Seattle announced the deal with Iwakuma late Thursday night, after general manager Jerry Dipoto delivered the news at the team's holiday party. The deal includes a one-year contract for 2016 and options for the 2017 and 2018 seasons. Financial terms were not announced.
"We said from the start that Kuma was a priority for us," Dipoto said in a statement. "Obviously, the developments from the last few days allowed us to get back in the game. It's a credit to our ownership -- to Howard Lincoln, to Kevin Mather, to our entire ownership group -- that we were able to get aggressive and find a way to bring Kuma back to the Mariners. We're all thrilled. This is a big move for us."
Iwakuma was a priority for Seattle in the offseason, but the Dodgers and Iwakuma struck a deal Dec. 6, a pact reportedly for three years and roughly $45 million.
However, the deal was never completed. A source told ESPN's Mark Saxon earlier Thursday that it was in jeopardy after the Dodgers reviewed Iwakuma's physical.
The Japan-based Jiji Press first reported Thursday that the Dodgers were backing away after the physical.
The medical issue revealed by the physical is not yet known.
Dipoto's announcement that Iwakuma would be rejoining the Mariners sparked raucous applause at their holiday party:
Iwakuma, who turns 35 in April, was 9-5 with a 3.54 ERA in 20 starts last season for the Mariners, including the first no-hitter of his career in August against Baltimore, and was 4-2 with a 2.17 ERA over his final seven starts. He was limited by a strained lat muscle last season.
Iwakuma has pitched his entire career in the majors with Seattle, going 47-25 with a 3.17 ERA in 111 games. He was an All-Star in 2013 and became the second Japanese-born pitcher to throw a no-hitter, joining Hideo Nomo. Since being moved into Seattle's rotation on July 2, 2012, Iwakuma has the fourth-best ERA in the American League at 3.09. When healthy, he has been a stabilizing part of Seattle's rotation, often slotting behind ace Felix Hernandez.
The Mariners also traded for left-handed starter Wade Miley from Boston after it appeared they had lost Iwakuma to Los Angeles.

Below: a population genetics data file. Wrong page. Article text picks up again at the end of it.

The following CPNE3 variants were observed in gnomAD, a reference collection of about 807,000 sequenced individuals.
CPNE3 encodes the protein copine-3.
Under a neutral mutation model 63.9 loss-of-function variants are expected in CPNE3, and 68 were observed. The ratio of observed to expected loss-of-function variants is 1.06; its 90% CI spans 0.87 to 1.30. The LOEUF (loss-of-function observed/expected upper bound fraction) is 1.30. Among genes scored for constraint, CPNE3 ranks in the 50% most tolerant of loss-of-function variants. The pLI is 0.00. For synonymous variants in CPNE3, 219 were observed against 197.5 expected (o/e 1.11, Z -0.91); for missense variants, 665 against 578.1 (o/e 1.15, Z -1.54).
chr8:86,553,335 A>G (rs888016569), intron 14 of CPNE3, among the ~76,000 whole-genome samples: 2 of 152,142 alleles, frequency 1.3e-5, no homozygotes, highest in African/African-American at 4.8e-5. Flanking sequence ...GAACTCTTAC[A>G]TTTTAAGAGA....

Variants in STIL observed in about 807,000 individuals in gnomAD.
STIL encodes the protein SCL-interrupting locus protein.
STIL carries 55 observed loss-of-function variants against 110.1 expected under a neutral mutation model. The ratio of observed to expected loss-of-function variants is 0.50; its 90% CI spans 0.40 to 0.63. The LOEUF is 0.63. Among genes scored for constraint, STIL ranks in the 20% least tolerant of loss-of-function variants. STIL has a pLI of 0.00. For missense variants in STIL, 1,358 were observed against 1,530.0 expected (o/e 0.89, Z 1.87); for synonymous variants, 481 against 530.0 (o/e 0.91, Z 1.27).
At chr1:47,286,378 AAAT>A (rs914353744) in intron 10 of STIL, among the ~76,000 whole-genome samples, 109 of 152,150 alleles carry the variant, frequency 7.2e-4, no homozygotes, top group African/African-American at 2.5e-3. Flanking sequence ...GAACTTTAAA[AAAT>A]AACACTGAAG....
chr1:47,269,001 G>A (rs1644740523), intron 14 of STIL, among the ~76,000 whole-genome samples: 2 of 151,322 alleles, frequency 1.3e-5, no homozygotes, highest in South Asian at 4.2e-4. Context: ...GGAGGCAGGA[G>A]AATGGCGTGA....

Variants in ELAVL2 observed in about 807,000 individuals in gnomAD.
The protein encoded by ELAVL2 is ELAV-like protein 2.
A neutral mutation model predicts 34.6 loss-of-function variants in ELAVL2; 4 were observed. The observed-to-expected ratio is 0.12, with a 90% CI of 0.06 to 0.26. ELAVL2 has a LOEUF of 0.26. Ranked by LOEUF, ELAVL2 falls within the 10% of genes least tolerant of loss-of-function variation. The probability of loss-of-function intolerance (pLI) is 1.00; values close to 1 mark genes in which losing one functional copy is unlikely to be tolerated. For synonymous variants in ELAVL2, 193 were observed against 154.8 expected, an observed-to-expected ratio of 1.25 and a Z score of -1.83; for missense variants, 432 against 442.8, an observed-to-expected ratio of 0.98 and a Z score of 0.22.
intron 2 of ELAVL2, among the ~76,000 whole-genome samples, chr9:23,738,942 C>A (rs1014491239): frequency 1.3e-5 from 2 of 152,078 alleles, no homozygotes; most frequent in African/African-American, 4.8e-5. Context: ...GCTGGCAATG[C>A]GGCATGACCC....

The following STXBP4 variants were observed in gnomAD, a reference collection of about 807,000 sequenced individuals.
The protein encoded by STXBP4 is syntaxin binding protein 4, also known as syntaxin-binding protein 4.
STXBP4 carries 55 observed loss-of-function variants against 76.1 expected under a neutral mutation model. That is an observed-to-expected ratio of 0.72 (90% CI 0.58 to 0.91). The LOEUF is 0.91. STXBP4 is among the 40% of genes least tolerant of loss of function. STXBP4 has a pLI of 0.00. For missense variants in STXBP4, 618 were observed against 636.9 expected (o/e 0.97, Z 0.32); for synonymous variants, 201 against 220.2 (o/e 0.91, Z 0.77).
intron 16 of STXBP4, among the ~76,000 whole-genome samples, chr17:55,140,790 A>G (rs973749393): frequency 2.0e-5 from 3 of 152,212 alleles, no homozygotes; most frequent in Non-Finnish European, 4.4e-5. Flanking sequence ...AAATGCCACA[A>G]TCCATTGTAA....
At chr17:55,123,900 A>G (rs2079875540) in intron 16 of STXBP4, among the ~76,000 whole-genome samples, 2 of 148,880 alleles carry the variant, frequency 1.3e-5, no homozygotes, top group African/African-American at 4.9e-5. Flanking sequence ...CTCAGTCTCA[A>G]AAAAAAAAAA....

Iwakuma's return all but sets Seattle's rotation going into spring training. Iwakuma and Hernandez will be the anchors, and they will be joined by Miley;Nathan Karns, who was acquired in a November trade;and young standout Taijuan Walker.
"We feel like this really puts a finishing touch on what we think has been a very productive offseason," Dipoto said.
The Dodgers would have had to forfeit their No. 25 overall pick in June's draft had they signed Iwakuma because he rejected the Mariners' $15.8 million qualifying offer in November.
Los Angeles continues to look for help in its rotation, which now includes Clayton Kershaw, Brett Anderson, Alex Wood and, it hopes, Hyun-Jin Ryu, who is coming off May shoulder surgery.
The Dodgers swapped three prospects for three other prospects in a three-team deal with the Cincinnati Reds that sent All-Star third baseman Todd Frazier to the Chicago White Sox on Wednesday.
That deal could be the precursor to a larger trade. The Dodgers reportedly have been linked to the Miami Marlins' Jose Fernandez, among other young pitchers.
ESPN's Mark Saxon and The Associated Press contributed to this report.
Mariners lucky to re-sign Iwakuma
David Schoenfield says that the Mariners now have a solid rotation after re-signing Hisashi Iwakuma.